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Popular MDIA course, professor, facilities allow students to produce music locally

Erin Roberts | Jul 26, 2011

Popular MDIA course, professor, facilities allow students to produce music locally

Media Arts and Studies students and associate professor Eddie Ashworth, Ohio UniversityBy Erin Roberts, roberte1@ohio.edu

RIGHT: Media Arts and Studies students and Assistant Professor Eddie Ashworth work the audio board in the recording studio recently. / Photos by Soozan Palsa BELOW LEFT: Jeff Ellis, left, of Charleston, W.Va. and members of The Magnolias, a band based in West Virginia, play in the recording studio in the Radio-Television Building on the Ohio University campus.

ATHENS, Ohio (July 26, 2011)—Students in the School of Media Arts and Studies at Ohio University are reaping the benefits of having a successful music producer as a professor and a state-of-the-art studio at their disposal. These resources are essential elements to a popular course that has fostered the recording of numerous records in the past eight years.

Just last week, students enrolled in the first summer session of Commercial Multitrack Music Recording and Production (MDIA 413), otherwise known as “Rock Camp,” assisted in the recording of four songs by Jeff Ellis, of Charleston, W.Va., backed by the West Virginia-based band, The Magnolias. Ellis has already recorded three albums with help from Ashworth and the students. His most recent album, "The Line," was released on July 5.

“We really like working with Eddie and the students and have been getting outstanding results so we keep coming back,” Ellis said. “To have Eddie’s experience and the tools the school provides is a bonus.”

Ellis returned from a year of military service in Iraq last year and, because of his experience there, has several songs lined up for production. He says one of the best things about working with students is their enthusiasm, which he might not find in an engineer who “has been wrapping cable for twenty years.”

“At my level, I believe I get more from the students than I would from a traditional studio,” Ellis said. “The students are new to recording and are really excited, which brings excitement into the studio. All of the students we’ve worked with really seem to know their stuff and they know their way around the controls.”

Jeff Ellis and The MagnoliasThe course used to be a summer offering only, but as its docket of recorded artists has grown, so has its availability to students.

“We have attracted enough talent willing to record their records with student engineers that we have been able to offer it on a year-round basis,” said assistant professor Eddie Ashworth, who has taught the course since joining the school’s faculty in 2003 and has more than twenty years of experience as a music producer. “What started as a summertime experiment in record production immersion has now become a mainstay course in the curriculum.”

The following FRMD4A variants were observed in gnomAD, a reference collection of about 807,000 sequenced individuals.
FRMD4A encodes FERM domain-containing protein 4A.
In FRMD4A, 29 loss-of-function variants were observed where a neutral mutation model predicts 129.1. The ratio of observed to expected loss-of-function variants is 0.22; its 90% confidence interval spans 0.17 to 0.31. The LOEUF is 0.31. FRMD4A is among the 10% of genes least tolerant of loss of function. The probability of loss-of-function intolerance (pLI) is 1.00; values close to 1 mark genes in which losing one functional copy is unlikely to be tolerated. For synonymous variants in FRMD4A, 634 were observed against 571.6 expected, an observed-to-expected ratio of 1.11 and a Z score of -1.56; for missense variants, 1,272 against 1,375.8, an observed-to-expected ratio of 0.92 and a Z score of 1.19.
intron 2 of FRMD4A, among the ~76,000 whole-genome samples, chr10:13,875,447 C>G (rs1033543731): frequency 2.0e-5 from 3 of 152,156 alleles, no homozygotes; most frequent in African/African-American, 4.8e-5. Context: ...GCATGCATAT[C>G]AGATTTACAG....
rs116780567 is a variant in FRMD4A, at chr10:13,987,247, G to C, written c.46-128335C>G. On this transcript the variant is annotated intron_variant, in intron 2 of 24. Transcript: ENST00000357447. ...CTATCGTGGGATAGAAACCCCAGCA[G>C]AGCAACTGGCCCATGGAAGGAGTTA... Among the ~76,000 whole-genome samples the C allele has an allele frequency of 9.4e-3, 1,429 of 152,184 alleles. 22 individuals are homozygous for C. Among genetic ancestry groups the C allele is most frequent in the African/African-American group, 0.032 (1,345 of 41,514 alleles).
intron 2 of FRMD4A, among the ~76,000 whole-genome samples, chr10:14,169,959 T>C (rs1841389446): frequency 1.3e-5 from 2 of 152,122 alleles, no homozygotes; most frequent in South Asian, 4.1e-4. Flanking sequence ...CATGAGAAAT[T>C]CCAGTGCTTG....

Ashworth says there is no shortage of artists willing to work with students in the course, especially given the fact that a world-class recording studio, MDIA Sound, is available to students in the Radio-Television Building.

“As an active producer and engineer, I am often approached to produce artists,” Ashworth says. “I say, ‘Well, I can get you free studio time if you are willing to work with students.’ At that point, the course becomes a professional project in which students are able to participate.”

When Ashworth joined the faculty he tweaked the existing course to include not only the technical side of record production but the social element of interacting with artists in the studio.

“I thought it would be more valuable for students to assist in the actual sessions with the artists to see the mechanics of how it works—the social part of the session as well as the technical part,” he said. “It’s great to know the technology side of this, but our students also gain a firm grasp on how to motivate clients.”

Josh Landis, BSC ’10, remembers the impact the course had on him in 2009 by allowing him to see what an actual recording engineer would do. He said it was one of the more memorable courses he took as an MDIA student.

“Being able to interact with the artist in a session is just as important as being able to record and produce to make a quality product,” said Landis, who recently opened his own recording studio, Old Son Studios, in Columbus with fellow alumni Mike Jones, BSC ’10 and Alex Douglas, BSC ’10. “As a student, taking that course is when you start to really feeling like you’re doing it: you’re making music.”

As a result of the course, Ashworth and MDIA students have produced music for artists from such diverse locations as Las Vegas, Shreveport, La.; Columbus; Akron, Ohio; Ashland, Ky.; Huntington, W.Va.; Sacramento, Ca.; and Los Angeles.”

As far as Ashworth is concerned, there will be many more.

“I never get tired of it,” he said. “It’s been exciting for me to see the wheels start clicking with students when they figure out the mechanics of sessions.”

More than anything, Ashworth enjoys the passion and motivation students show.

“They will roll up their sleeves and get right in there with me and the artists,” he said. “They are motivated to go forward with the class and their career. It’s very gratifying to see that students have the passion that I still have for making a quality record.”